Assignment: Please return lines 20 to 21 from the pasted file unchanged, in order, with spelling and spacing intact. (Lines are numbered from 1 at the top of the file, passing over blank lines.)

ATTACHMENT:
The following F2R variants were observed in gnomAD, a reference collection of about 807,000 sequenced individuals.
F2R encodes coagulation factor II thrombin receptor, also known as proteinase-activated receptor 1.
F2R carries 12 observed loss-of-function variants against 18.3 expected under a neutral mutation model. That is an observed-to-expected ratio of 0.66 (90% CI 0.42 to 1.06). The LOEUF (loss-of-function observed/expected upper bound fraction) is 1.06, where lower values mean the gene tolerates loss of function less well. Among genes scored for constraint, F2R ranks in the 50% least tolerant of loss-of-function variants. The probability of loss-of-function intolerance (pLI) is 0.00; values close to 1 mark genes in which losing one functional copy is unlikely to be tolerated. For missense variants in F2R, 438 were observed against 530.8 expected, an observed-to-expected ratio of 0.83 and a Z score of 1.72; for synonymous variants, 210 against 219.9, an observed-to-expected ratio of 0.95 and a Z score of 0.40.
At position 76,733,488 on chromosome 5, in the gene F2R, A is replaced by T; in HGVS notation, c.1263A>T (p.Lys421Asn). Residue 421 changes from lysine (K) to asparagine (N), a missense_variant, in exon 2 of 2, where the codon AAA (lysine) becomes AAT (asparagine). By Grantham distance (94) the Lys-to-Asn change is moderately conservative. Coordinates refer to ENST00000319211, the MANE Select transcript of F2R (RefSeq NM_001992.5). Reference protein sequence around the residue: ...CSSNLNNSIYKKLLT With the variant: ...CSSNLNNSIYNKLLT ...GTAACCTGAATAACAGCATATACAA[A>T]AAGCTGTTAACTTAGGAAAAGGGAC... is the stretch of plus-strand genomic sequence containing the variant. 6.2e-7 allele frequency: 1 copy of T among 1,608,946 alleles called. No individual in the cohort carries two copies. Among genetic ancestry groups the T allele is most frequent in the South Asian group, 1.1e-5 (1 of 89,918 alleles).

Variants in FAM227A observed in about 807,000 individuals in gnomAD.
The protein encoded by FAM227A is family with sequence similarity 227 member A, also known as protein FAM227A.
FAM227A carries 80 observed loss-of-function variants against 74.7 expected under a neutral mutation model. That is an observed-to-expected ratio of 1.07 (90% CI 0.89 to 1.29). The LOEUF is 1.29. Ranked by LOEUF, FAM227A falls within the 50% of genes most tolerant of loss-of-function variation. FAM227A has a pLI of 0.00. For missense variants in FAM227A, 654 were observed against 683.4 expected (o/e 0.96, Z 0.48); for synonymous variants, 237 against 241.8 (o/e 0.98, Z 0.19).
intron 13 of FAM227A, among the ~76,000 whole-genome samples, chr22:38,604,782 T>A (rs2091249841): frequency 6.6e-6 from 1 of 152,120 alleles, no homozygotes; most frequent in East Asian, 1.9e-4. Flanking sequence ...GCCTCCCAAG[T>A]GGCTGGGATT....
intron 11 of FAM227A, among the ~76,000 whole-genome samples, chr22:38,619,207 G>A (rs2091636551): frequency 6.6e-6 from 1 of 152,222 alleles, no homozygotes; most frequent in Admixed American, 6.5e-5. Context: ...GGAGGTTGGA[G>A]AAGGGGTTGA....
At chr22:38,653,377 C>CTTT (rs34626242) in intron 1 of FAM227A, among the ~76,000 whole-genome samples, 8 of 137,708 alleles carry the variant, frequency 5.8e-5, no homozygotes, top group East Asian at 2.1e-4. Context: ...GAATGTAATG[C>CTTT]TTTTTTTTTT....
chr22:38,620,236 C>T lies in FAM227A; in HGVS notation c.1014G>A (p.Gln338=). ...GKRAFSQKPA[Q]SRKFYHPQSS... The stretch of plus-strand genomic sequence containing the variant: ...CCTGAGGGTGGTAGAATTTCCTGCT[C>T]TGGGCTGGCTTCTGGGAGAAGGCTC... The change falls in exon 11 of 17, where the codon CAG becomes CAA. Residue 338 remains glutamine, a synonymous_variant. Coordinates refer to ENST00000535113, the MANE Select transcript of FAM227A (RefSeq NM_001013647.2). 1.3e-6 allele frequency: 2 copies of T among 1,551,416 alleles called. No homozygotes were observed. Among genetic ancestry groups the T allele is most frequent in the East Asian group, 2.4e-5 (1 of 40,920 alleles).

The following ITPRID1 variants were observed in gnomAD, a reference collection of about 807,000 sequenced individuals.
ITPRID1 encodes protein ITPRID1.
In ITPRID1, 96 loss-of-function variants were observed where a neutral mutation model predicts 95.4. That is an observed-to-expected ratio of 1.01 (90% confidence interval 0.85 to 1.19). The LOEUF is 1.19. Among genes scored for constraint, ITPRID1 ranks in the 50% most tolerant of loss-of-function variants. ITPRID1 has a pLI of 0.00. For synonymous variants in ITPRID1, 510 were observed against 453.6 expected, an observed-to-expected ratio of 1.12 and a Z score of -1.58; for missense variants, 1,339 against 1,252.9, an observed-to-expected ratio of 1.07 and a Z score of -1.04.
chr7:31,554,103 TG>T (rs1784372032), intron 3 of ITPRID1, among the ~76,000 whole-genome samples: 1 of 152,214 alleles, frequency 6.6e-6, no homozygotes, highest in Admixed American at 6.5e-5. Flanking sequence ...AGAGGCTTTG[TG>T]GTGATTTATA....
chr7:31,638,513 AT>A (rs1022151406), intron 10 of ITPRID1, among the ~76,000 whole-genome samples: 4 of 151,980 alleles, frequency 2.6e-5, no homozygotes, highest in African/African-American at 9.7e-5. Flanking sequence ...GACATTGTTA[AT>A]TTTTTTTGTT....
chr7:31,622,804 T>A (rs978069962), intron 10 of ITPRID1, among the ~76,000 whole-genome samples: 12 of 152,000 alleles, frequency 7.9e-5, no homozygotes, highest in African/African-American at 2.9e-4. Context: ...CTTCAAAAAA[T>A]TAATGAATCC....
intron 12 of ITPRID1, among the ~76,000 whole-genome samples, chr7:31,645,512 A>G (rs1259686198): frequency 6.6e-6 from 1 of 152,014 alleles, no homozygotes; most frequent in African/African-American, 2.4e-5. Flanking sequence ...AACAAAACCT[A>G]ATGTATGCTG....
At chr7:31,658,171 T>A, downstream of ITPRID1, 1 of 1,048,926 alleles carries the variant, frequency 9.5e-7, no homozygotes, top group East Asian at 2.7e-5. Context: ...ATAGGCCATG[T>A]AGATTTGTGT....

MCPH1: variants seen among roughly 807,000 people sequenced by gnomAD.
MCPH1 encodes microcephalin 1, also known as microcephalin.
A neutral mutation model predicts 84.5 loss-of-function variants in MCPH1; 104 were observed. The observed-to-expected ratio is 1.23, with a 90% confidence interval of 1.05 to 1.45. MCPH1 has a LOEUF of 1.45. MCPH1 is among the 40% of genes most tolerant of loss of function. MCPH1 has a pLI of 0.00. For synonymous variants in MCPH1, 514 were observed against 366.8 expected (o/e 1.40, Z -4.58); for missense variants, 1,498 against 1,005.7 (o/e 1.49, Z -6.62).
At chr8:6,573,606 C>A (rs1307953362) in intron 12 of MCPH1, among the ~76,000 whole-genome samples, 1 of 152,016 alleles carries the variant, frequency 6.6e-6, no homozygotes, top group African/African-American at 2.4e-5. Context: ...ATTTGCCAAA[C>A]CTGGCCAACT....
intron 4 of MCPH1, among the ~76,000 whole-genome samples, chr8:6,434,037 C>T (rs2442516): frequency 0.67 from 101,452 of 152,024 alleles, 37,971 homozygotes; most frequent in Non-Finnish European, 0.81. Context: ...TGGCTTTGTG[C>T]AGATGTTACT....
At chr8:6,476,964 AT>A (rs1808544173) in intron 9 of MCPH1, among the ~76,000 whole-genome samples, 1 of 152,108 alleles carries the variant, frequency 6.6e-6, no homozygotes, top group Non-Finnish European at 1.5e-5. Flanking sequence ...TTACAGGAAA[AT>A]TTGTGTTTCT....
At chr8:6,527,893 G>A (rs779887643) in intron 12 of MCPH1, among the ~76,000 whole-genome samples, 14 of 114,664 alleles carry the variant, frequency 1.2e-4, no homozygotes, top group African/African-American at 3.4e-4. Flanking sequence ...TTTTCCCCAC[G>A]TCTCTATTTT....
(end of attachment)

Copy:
MCPH1: variants seen among roughly 807,000 people sequenced by gnomAD.
MCPH1 encodes microcephalin 1, also known as microcephalin.